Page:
As for brain cylinders – they fire pretty well, most of the time. Before I write, I pray for guidance. I study the Scriptural reference and reread what I wrote the day before, then try to imagine what came next. The first draft is always tough for me – oh wait, writing the synopsis is worse! Once I know where I’m going, I just have to work until I get there. I don’t have a daily number of hours. I just do what needs to be done either with the actual novel or writing-related work. When I’m finishing a first draft, I set deadlines for myself of so many words a day. Usually 1000 a day, five days a week, but if I get behind, I aim for more. I finish a first draft well ahead of deadline, but then I go back and do more research, let the story sit a while (I’m taking July off right now) and then go back into it again. This was especially helpful with Bathsheba, as I ended up having to ditch the first 40,000 words and start over!

What has been the biggest help to you in the journey to publication? Writers’ conferences? Writing groups? Your mom as your first draft reader?

My critique partners and ACFW. My former critique partners (Kathleen Fuller, Jill Stengl, Tamera Alexander, Maureen Lang, and Meredith Efken) taught me so much! My writing craft would not be where it is today without these fine authors. (Kathleen Fuller and Jill Stengl still share critiques with me.) I might add that author Deborah Raney taught me things outside of the craft – things about the industry and protocol that I might not have learned if not for her. ACFW led me to my agent, Wendy Lawton, who found my publisher. I would not have sold to Revell if not for Wendy’s meeting with Lonnie. God has used many people to bring me to this place.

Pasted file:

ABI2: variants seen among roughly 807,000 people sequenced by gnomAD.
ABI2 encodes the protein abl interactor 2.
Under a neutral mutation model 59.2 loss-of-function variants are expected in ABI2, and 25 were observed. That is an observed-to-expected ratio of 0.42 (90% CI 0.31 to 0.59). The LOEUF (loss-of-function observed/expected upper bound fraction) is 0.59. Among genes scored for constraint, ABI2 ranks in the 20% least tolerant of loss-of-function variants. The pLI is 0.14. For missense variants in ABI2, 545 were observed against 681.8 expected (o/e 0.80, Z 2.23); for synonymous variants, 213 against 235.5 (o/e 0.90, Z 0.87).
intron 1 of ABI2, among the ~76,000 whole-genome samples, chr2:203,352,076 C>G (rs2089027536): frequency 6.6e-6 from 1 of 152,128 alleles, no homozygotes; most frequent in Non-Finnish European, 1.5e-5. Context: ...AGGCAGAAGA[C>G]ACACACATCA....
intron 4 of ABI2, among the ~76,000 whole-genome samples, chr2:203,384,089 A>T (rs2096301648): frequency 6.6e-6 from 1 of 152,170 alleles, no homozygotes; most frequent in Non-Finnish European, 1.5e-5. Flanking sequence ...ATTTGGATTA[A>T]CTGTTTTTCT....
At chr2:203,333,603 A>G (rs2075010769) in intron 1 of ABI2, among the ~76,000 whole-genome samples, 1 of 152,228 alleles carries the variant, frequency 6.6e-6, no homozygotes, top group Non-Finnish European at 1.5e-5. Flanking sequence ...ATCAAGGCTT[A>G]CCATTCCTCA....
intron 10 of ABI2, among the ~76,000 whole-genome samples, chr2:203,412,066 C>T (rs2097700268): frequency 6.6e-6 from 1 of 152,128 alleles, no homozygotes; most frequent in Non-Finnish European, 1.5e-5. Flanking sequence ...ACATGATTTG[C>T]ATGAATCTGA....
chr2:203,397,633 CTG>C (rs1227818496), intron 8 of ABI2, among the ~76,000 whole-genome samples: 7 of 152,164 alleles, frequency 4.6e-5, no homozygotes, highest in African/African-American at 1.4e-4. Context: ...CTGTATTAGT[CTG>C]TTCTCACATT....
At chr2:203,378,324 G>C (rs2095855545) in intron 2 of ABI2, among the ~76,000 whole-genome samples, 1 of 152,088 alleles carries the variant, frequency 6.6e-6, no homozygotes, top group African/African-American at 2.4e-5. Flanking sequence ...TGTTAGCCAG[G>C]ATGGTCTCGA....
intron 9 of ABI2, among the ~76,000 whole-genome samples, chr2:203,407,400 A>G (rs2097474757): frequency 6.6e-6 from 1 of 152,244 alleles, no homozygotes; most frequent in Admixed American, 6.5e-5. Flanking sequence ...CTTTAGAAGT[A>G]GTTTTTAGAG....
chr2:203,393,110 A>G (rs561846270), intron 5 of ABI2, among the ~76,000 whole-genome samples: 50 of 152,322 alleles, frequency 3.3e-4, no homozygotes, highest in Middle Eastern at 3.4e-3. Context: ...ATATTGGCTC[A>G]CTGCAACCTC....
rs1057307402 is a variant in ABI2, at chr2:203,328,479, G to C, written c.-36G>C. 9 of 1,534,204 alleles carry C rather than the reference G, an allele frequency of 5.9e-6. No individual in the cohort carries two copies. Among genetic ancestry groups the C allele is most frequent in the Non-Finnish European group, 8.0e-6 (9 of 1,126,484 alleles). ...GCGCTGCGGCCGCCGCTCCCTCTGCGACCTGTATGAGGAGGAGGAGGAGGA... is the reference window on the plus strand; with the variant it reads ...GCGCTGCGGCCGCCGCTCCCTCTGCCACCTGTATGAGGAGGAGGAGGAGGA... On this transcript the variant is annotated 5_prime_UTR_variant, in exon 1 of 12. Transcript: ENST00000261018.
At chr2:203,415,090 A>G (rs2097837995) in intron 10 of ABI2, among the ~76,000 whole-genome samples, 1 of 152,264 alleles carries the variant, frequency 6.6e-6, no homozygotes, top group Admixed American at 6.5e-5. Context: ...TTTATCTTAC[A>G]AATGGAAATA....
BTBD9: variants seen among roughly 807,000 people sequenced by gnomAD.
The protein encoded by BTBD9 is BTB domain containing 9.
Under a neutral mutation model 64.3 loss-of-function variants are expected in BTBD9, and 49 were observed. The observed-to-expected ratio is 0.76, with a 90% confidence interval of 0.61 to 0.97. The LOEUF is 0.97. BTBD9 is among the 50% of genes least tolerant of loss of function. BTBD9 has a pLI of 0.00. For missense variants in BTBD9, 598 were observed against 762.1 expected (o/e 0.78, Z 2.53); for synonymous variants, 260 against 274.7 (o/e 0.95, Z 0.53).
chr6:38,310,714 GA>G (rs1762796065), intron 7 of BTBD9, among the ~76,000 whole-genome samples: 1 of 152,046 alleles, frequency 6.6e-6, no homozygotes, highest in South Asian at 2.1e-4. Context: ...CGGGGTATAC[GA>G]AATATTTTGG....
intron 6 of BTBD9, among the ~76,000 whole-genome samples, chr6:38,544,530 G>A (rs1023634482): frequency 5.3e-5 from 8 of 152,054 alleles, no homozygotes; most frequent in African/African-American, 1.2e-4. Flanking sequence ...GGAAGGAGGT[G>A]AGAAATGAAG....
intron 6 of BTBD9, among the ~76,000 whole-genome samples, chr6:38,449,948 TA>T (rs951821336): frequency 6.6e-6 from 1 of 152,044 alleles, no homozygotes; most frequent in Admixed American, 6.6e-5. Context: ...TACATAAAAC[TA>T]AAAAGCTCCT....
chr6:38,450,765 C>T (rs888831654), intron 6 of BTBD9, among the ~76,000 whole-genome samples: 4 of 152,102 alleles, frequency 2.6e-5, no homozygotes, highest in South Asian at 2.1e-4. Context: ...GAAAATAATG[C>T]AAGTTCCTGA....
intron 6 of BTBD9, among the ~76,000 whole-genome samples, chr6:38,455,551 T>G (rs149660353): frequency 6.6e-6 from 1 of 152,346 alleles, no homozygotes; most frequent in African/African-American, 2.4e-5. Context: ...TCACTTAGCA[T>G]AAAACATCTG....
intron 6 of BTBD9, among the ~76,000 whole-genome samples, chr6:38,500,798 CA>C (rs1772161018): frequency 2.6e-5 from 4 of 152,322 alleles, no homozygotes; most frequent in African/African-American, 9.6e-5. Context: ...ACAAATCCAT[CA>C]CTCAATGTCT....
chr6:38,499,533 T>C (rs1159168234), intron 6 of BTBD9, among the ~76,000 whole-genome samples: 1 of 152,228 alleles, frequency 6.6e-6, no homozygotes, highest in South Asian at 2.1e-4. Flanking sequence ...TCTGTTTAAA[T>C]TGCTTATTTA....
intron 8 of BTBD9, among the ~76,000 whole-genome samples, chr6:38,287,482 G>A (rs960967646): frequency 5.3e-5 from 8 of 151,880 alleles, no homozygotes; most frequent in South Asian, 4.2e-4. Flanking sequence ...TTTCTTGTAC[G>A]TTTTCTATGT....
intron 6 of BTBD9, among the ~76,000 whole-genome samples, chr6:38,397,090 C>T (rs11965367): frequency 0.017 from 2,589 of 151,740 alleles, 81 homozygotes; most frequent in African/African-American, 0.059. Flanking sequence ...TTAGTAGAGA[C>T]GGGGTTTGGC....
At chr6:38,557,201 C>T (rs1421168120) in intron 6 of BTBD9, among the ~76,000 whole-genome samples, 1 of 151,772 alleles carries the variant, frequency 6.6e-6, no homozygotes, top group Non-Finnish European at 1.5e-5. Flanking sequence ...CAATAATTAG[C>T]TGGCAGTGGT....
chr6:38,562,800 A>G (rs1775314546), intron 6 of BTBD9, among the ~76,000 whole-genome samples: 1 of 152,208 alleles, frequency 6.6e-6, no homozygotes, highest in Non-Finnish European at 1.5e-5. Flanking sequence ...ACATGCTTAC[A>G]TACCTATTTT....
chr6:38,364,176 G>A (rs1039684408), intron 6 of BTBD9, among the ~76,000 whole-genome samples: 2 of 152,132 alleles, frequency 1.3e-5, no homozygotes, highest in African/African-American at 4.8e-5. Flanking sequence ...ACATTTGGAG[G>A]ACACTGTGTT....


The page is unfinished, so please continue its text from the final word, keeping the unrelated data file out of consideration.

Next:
Is the “writer’s life” what you thought it would be? (Explain your answer)

Yes and no. Yes, because I learned so much from those who had gone before me of what to expect. I wasn’t looking for publishing to change my life too much – not in the sense of changing who I am. No, because I didn’t know what to expect at an experiential level. Until you walk a path, you don’t see the bumps and dips and smooth places in the road. I’m still on a journey—the road has just changed direction. The main difference I see is that now there is a sense of gratitude and a constant reminder to myself that I’m nobody special—I’m still just me. That God has chosen to allow me this ministry is more than I could have hoped for.

What are your biggest distractions?

My cats. And email. But those are good things. My family knows they can interrupt me at any time. Relationships are more important than words.

What was one of the best moments in your career and what was one of the worst?

One of the best: Getting that call from Wendy that Revell wanted to buy my books!
One of the worst: Reading some reviews that were less than kind.